Item description for The Golden Age of Advertising - The 70s (Taschen 25) by Jim Heimann...
Discofunkalicious: an overview of the decade that spawned glam rock and The Brady Bunch...
Both eclipsed and influenced by television, American print ads of the 1970s departed from the bold, graphic forms and subtle messages that were typical of their sixties counterparts. More literal, more in-your-face, 70s ads sought to capture the attention of a public accustomed to blaring, to-the-point TV commercials (even VW ads, known for their witty, ironic statements and minimalist designs, lost some of their punch in the 1970s). All was not lost, though; as ads are a sign of the times, racial and ecological awareness crept into everything from cigarette to car advertisements, reminding Americans that everyday products were hip to the modern age. By the end of the decade, print ads had begun to recoup, gaining in originality and creativity as they focused on target audiences through carefully chosen placement in smaller publications. A fascinating study of mass culture dissemination in a post-hippie, television-obsessed nation, this weighty volume delivers an exhaustive and nostalgic overview of 70s advertising.
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Est. Packaging Dimensions: Length: 8.82" Width: 6.85" Height: 1.42" Weight: 2.73 lbs.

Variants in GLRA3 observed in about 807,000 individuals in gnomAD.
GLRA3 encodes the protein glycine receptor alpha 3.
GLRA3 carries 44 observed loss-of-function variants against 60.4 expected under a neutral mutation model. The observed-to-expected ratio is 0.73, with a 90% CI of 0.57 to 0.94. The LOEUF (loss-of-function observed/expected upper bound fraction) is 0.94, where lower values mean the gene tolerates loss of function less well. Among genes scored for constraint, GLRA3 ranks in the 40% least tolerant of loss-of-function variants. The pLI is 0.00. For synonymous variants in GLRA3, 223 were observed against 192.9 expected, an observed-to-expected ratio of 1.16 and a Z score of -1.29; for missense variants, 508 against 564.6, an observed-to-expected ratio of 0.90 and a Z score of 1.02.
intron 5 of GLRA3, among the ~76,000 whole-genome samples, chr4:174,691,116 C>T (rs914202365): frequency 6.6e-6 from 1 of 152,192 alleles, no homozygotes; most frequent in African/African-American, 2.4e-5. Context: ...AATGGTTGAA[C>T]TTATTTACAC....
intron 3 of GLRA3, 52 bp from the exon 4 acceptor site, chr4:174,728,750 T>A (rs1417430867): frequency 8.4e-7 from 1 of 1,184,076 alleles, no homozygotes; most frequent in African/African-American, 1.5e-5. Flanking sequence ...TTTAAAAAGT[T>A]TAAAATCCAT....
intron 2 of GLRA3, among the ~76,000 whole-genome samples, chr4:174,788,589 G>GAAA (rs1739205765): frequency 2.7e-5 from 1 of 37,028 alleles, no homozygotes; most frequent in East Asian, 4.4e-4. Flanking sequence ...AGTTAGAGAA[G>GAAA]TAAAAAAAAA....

Release Date Feb 28, 2006
ISBN 3822850810 ISBN13 9783822850817
Availability 0 units.
More About Jim Heimann
Jim Heimann is a cultural anthropologist, graphic design historian, and the executive editor for Taschen America. He is the author of numerous books on architecture, pop culture, and the history of the West Coast, Los Angeles, and Hollywood. His unrivaled private collection of ephemera has been featured in museum exhibitions around the world and dozens of books.
Reviews - What do customers think about The Golden Age of Advertising - The 70s (Taschen 25)?
Lots of fun Nov 27, 2007
Julie scoffed at the purchased, and then was seen absorbed in the book laughing and smiling and waht not.
An inexpensive, convenient record May 23, 2007
As the preface to this book points out, print advertising in the 70s was ugly and uninspired. The book does an excellent job of presenting a variety of ugly advertisements, for ugly products, that support this assertion.
I recommend this book to anyone who is curious what advertising looked like 30 years ago, or if you want to see if advertising from the 70s was as bad as you remember (it is!).